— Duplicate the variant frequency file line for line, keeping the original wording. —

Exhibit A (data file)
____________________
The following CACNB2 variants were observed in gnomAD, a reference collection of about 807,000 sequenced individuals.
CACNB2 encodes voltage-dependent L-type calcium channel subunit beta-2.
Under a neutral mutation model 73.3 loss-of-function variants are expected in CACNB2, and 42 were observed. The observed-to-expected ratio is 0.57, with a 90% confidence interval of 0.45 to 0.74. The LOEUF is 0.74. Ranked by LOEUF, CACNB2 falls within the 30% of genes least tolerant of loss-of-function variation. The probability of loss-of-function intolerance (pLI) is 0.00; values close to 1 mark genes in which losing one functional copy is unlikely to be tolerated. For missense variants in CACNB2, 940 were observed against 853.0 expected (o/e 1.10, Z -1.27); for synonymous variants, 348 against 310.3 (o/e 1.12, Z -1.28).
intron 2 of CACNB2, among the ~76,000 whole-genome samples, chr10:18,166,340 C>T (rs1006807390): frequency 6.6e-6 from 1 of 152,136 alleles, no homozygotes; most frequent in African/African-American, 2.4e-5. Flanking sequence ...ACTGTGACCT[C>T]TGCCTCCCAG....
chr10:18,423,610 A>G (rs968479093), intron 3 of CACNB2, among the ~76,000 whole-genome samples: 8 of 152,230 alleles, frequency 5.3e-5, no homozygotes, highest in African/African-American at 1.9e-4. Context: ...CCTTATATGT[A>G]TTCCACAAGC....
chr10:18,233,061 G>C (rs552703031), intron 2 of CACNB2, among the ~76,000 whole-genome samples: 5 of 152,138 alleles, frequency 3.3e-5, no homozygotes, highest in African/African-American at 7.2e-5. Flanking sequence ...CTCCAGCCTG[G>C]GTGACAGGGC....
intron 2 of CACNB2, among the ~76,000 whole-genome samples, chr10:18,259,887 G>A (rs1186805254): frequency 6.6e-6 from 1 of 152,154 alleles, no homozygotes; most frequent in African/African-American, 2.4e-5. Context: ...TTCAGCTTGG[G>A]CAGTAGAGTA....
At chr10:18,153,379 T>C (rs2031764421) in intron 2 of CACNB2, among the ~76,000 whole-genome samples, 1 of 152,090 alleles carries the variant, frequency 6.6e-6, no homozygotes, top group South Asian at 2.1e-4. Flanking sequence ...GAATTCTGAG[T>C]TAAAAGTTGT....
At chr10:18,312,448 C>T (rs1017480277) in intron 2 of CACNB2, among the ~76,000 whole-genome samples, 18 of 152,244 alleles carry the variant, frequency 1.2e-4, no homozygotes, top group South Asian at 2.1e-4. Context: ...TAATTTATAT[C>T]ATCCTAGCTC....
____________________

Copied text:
The following CACNB2 variants were observed in gnomAD, a reference collection of about 807,000 sequenced individuals.
CACNB2 encodes voltage-dependent L-type calcium channel subunit beta-2.
Under a neutral mutation model 73.3 loss-of-function variants are expected in CACNB2, and 42 were observed. The observed-to-expected ratio is 0.57, with a 90% confidence interval of 0.45 to 0.74. The LOEUF is 0.74. Ranked by LOEUF, CACNB2 falls within the 30% of genes least tolerant of loss-of-function variation. The probability of loss-of-function intolerance (pLI) is 0.00; values close to 1 mark genes in which losing one functional copy is unlikely to be tolerated. For missense variants in CACNB2, 940 were observed against 853.0 expected (o/e 1.10, Z -1.27); for synonymous variants, 348 against 310.3 (o/e 1.12, Z -1.28).
intron 2 of CACNB2, among the ~76,000 whole-genome samples, chr10:18,166,340 C>T (rs1006807390): frequency 6.6e-6 from 1 of 152,136 alleles, no homozygotes; most frequent in African/African-American, 2.4e-5. Flanking sequence ...ACTGTGACCT[C>T]TGCCTCCCAG....
chr10:18,423,610 A>G (rs968479093), intron 3 of CACNB2, among the ~76,000 whole-genome samples: 8 of 152,230 alleles, frequency 5.3e-5, no homozygotes, highest in African/African-American at 1.9e-4. Context: ...CCTTATATGT[A>G]TTCCACAAGC....
chr10:18,233,061 G>C (rs552703031), intron 2 of CACNB2, among the ~76,000 whole-genome samples: 5 of 152,138 alleles, frequency 3.3e-5, no homozygotes, highest in African/African-American at 7.2e-5. Flanking sequence ...CTCCAGCCTG[G>C]GTGACAGGGC....
intron 2 of CACNB2, among the ~76,000 whole-genome samples, chr10:18,259,887 G>A (rs1186805254): frequency 6.6e-6 from 1 of 152,154 alleles, no homozygotes; most frequent in African/African-American, 2.4e-5. Context: ...TTCAGCTTGG[G>A]CAGTAGAGTA....
At chr10:18,153,379 T>C (rs2031764421) in intron 2 of CACNB2, among the ~76,000 whole-genome samples, 1 of 152,090 alleles carries the variant, frequency 6.6e-6, no homozygotes, top group South Asian at 2.1e-4. Flanking sequence ...GAATTCTGAG[T>C]TAAAAGTTGT....
At chr10:18,312,448 C>T (rs1017480277) in intron 2 of CACNB2, among the ~76,000 whole-genome samples, 18 of 152,244 alleles carry the variant, frequency 1.2e-4, no homozygotes, top group South Asian at 2.1e-4. Context: ...TAATTTATAT[C>T]ATCCTAGCTC....